Snowshoe hares are forest-dwellers that prefer the thick cover of brushy undergrowth.
The snowshoe hare (Lepus americanus), also called the varying hare, or snowshoe rabbit, is a species of hare found in North America. It has the name "snowshoe" because of the large size of its hind feet. The animal's feet prevent it from sinking into the snow when it hops and walks.
Snowshoe hares live in the boreal forests of North America and are active year-round. They gain their curious name from their very large hind feet that are lined with stiff hairs that form a snowshoe, supporting their weight on the surface of the snow.
Snowshoe hare populations cycle in 8 to 11 year periods, and densities may fluctuate 5 to 25-fold during a cycle. The causes of the cyclic fluctuations of snowshoe hares are debated among scientists. Scientists have proposed many hypotheses to explain the changes in population size that lead to these cycles. These hypotheses usually center on food limitation, patterns of predation, and links between food supply and predation. Recent studies in Kluane National Park and Reserve, Yukon, Canada suggest that cyclic fluctuations of snowshoe hares probably result from an interaction between predation and food supplies.
The diet of snowshoe hares is diverse. In summer they eat herbaceous plants and the new growth of woody vegetation. In winter, they eat twigs, buds, and bark. Snowshoe hares browse heavily on vegetation and often leave behind well-defined browse-lines (often referred to as \\"hare lines\\"). Hares will also re-ingest their feces to extract all of the available nutrients from their food. Hares greatly influence the world around them, including the vegetation, predators, and other herbivores and omnivores that live in the same habitats. Hares browse heavily on vegetation. Browsing affects the growth of plants and stimulates plants to produce secondary compounds that make them unpalatable for hares and other omnivores.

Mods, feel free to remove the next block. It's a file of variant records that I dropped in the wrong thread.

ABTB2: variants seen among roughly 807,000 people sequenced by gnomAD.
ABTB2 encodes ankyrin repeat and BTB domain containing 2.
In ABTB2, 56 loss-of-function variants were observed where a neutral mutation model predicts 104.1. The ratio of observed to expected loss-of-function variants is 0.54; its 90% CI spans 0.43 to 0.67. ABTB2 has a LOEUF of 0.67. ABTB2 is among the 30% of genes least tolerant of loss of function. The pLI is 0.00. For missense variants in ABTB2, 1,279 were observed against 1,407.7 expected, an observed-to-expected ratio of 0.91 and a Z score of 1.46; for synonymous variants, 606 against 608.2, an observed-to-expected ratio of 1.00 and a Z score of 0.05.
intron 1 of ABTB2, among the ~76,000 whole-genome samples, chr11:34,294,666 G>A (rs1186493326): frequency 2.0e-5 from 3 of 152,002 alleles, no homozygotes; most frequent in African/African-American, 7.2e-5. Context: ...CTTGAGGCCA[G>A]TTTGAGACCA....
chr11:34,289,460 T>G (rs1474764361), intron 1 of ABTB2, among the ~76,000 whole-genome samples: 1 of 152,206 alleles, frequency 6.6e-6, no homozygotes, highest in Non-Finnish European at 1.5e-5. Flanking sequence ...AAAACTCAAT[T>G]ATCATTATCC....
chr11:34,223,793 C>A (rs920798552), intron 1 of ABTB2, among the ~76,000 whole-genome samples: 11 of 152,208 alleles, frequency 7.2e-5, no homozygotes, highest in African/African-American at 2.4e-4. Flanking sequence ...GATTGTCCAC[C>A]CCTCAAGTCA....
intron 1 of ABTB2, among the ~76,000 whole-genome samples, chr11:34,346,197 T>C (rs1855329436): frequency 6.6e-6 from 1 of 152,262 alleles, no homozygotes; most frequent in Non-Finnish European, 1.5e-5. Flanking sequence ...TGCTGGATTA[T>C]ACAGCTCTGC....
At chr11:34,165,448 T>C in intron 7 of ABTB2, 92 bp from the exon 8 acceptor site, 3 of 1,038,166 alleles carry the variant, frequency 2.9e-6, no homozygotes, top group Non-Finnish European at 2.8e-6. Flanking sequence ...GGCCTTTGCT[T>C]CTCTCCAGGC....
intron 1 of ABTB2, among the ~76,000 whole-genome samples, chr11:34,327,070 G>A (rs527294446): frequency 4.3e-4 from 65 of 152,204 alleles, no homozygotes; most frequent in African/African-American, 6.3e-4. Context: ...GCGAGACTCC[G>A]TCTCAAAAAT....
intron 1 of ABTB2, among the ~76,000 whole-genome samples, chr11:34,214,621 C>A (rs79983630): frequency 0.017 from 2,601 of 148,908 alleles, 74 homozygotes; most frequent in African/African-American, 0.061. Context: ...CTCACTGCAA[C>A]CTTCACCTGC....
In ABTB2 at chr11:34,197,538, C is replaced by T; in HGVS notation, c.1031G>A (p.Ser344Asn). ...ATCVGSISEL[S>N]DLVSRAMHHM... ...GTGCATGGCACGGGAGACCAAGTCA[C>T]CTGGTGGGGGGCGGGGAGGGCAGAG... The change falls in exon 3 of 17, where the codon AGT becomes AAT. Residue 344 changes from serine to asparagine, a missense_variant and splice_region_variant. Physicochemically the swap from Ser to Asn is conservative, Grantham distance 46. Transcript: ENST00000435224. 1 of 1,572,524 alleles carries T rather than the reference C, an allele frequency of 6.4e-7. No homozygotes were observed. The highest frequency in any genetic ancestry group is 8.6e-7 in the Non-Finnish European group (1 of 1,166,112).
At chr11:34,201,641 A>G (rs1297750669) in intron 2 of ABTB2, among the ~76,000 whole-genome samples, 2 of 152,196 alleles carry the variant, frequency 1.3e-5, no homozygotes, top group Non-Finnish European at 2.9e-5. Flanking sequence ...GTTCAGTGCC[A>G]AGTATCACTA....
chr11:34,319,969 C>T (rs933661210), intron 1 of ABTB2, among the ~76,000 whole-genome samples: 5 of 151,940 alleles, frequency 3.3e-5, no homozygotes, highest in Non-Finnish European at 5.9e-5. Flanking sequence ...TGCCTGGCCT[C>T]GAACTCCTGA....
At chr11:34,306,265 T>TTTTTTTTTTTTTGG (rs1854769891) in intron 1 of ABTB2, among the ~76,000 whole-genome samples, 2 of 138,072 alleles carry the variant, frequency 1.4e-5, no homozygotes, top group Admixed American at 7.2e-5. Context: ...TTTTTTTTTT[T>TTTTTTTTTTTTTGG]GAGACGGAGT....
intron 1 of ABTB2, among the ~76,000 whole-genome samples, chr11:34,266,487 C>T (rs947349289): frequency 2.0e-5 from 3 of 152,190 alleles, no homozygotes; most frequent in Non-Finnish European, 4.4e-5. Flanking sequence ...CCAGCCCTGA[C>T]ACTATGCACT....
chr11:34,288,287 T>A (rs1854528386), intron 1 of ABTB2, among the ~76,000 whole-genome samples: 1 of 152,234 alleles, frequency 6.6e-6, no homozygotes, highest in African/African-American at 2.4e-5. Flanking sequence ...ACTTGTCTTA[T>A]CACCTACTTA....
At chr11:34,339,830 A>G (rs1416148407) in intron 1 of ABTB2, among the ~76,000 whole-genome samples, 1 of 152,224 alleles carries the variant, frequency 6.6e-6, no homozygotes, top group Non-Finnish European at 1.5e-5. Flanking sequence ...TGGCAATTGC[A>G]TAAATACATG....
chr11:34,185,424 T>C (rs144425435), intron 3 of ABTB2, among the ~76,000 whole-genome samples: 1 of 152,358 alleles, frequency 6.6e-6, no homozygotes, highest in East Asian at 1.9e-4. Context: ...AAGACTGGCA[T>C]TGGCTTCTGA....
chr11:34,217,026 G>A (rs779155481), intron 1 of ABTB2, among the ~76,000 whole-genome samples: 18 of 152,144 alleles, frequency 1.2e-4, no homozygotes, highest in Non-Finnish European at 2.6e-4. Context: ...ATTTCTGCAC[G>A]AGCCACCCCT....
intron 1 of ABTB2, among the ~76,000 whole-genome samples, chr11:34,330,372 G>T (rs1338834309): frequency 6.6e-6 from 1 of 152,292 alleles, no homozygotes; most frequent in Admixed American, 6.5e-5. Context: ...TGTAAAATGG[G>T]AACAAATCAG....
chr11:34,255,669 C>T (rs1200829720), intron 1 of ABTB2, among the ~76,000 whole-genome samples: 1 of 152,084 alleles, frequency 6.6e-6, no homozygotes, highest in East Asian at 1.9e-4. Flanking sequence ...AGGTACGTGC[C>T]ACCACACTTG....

The first mating of the year occurs in spring (March and April) and a litter of usually two to four young (leverets) is born about 35 days after mating. Hares produce two to three litters of young a year and females remate soon after the birth of a litter. Males and females have multiple mates throughout the year. Young hares move about soon after they are born and young snowshoe hares usually begin to breed a year after their birth. Reproductive rates vary by region and by year.
Hares are well adapted for escaping their predators. They have keen hearing and upon detecting a predator they often freeze in their tracks. This, in addition to their camouflage coloration, tends to be an effective means of avoiding predators.
The relationship between snowshoe hares and their year-round predators including lynx, great-horned owls, and northern goshawks is well documented. These and other predators such as golden eagles depend on snowshoe hares as a food source early in the nesting season. Across the boreal forest, the population size and reproductive success of many predators cycles with the abundance of hare.
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Snowshoe hares have an interesting adaptation that helps protect them against predators. Depending on the season, their fur can be a different color. During the winter, snowshoe hares are white, which helps them blend in with the snow. When the seasons change to spring and summer, snowshoe hares turn a reddish-brown.
The Snowshoe Hare (Lepus americanus) is also called the ‘Varying Hare’. The snowshoe hare is found in alpine regions of North America, Alaska and Canada. The population of the snowshoe hare fluctuates tremendously on a roughly 10 year cycle, due to the availability of food and predator interactions.
- Special Concerns